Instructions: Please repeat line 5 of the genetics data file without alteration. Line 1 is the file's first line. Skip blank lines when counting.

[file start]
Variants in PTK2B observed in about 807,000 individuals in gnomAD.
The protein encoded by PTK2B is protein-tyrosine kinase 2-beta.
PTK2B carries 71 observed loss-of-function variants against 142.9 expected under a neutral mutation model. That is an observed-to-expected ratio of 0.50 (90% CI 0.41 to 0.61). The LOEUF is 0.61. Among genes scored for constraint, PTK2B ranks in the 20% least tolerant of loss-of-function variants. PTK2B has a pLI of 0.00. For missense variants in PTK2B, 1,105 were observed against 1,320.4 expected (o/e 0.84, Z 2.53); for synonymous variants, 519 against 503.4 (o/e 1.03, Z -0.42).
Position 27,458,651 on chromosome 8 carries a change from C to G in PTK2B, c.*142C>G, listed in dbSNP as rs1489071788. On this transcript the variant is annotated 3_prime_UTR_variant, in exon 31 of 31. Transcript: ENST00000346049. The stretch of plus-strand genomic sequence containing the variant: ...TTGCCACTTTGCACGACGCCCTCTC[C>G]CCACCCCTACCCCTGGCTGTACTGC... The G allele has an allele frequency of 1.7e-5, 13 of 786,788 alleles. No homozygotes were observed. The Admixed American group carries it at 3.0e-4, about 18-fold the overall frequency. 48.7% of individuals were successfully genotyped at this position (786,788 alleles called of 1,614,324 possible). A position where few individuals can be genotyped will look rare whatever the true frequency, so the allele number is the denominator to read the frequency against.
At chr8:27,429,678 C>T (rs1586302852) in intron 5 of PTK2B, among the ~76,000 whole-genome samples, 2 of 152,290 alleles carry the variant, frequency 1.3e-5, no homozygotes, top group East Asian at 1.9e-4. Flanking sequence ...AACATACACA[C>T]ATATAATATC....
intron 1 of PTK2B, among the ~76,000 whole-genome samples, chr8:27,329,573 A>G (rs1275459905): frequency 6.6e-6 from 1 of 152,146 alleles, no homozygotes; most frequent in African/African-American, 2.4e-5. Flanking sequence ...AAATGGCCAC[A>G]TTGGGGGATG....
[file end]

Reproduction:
At chr8:27,429,678 C>T (rs1586302852) in intron 5 of PTK2B, among the ~76,000 whole-genome samples, 2 of 152,290 alleles carry the variant, frequency 1.3e-5, no homozygotes, top group East Asian at 1.9e-4. Flanking sequence ...AACATACACA[C>T]ATATAATATC....